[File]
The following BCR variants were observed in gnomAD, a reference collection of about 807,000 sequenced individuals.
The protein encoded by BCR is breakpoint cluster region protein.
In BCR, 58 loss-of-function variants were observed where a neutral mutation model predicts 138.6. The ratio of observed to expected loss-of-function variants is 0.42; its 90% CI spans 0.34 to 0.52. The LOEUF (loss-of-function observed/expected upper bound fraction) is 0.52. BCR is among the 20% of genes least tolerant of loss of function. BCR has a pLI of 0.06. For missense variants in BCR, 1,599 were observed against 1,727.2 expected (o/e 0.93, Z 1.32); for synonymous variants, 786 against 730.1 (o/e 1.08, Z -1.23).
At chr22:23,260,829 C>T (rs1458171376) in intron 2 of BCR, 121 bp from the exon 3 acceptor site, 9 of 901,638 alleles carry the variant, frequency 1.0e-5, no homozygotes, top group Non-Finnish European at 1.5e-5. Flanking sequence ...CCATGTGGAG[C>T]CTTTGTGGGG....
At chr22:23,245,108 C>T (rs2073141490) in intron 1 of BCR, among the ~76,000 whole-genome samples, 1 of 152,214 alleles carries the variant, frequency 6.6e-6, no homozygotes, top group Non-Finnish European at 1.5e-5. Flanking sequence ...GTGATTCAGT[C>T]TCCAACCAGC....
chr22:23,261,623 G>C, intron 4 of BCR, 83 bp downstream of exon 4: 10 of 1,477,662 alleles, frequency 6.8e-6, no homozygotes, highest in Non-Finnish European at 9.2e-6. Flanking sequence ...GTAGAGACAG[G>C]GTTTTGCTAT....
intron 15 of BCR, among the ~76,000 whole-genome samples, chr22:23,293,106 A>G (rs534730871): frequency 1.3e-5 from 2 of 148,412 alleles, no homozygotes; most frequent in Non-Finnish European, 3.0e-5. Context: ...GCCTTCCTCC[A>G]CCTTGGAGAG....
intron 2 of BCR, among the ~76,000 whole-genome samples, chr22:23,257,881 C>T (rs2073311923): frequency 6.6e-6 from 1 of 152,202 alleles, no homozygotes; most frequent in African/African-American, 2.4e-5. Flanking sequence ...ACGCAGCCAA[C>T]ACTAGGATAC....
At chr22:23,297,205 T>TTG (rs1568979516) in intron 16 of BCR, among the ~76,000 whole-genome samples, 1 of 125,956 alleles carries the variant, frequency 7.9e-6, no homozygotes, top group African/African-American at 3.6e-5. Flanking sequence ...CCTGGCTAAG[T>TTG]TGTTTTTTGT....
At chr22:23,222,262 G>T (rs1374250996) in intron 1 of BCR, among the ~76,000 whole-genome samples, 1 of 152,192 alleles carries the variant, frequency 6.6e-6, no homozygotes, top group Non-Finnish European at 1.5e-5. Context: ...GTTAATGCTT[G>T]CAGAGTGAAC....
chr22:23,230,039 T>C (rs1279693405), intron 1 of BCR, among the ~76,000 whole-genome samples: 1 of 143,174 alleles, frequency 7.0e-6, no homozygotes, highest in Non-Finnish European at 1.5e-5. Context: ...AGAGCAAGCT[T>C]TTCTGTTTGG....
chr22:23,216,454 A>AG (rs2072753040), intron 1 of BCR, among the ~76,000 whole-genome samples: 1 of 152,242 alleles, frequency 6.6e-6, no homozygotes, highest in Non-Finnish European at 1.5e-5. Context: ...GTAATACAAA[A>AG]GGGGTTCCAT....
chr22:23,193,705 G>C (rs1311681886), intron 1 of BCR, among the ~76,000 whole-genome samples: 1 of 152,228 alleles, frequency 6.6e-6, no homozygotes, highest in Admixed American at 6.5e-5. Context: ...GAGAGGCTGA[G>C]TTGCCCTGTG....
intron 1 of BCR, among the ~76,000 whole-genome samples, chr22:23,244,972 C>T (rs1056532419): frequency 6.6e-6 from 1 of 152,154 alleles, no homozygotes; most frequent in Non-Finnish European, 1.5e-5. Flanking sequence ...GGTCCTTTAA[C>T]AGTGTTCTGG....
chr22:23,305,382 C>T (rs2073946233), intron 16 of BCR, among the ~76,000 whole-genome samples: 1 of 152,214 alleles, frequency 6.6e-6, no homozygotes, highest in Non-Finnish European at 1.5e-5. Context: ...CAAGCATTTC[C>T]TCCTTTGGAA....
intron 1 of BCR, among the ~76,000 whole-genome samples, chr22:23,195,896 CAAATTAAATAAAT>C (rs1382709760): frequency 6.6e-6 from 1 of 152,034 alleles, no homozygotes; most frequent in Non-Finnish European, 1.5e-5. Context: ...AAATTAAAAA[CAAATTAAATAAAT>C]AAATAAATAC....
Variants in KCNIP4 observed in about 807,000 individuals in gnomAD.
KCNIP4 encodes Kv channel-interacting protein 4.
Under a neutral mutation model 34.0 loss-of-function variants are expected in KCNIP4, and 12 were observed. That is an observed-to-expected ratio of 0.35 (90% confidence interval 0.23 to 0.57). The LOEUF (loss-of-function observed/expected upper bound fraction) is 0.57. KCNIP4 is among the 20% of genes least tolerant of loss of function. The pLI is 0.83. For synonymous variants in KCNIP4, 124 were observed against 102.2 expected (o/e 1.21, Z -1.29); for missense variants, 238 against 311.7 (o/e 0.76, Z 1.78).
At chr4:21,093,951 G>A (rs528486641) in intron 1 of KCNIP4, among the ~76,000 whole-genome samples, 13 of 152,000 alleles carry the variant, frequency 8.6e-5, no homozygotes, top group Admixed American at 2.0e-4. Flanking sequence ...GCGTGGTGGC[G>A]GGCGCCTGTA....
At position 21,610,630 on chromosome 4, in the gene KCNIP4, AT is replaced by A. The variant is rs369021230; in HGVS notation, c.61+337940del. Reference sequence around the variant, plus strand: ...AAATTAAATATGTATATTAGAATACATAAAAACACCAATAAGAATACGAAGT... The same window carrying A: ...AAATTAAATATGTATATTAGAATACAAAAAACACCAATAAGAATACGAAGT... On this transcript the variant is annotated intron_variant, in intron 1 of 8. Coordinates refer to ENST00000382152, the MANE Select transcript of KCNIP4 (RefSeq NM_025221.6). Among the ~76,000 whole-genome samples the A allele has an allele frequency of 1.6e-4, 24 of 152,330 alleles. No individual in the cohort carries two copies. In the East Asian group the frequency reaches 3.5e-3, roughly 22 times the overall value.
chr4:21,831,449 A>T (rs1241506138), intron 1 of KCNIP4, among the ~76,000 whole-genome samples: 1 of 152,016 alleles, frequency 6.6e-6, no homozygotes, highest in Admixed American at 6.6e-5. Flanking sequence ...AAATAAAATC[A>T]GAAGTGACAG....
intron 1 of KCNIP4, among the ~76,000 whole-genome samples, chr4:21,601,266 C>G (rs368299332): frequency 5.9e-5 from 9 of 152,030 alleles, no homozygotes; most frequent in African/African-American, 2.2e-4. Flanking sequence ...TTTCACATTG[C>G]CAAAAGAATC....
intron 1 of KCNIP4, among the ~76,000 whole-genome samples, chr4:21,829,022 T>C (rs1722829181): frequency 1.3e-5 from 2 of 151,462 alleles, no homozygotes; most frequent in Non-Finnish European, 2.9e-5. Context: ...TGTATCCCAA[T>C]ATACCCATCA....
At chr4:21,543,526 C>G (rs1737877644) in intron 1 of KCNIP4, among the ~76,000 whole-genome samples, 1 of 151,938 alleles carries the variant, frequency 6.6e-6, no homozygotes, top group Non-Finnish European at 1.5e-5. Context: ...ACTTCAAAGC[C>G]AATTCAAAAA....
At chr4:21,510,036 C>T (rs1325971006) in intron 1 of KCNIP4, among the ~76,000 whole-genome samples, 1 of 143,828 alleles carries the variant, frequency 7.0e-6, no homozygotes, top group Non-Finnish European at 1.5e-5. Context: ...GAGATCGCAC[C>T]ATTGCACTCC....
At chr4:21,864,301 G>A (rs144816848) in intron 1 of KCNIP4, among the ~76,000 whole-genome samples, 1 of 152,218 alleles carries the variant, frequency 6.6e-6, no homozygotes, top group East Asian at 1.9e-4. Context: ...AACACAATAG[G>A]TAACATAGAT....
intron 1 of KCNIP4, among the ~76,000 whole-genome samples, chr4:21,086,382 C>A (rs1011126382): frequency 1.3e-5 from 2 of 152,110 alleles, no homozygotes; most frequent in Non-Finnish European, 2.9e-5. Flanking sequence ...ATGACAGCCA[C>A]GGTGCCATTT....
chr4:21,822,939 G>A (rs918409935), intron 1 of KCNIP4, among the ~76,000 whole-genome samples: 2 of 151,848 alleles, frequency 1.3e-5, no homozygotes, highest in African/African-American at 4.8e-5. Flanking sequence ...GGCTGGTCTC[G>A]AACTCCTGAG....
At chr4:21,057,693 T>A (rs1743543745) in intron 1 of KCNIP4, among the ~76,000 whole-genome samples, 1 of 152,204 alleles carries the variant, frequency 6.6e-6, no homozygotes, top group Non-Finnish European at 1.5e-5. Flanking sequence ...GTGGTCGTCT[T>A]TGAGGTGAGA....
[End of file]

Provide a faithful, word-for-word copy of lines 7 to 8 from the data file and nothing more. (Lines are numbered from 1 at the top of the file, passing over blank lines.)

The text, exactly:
intron 15 of BCR, among the ~76,000 whole-genome samples, chr22:23,293,106 A>G (rs534730871): frequency 1.3e-5 from 2 of 148,412 alleles, no homozygotes; most frequent in Non-Finnish European, 3.0e-5. Context: ...GCCTTCCTCC[A>G]CCTTGGAGAG....
intron 2 of BCR, among the ~76,000 whole-genome samples, chr22:23,257,881 C>T (rs2073311923): frequency 6.6e-6 from 1 of 152,202 alleles, no homozygotes; most frequent in African/African-American, 2.4e-5. Flanking sequence ...ACGCAGCCAA[C>T]ACTAGGATAC....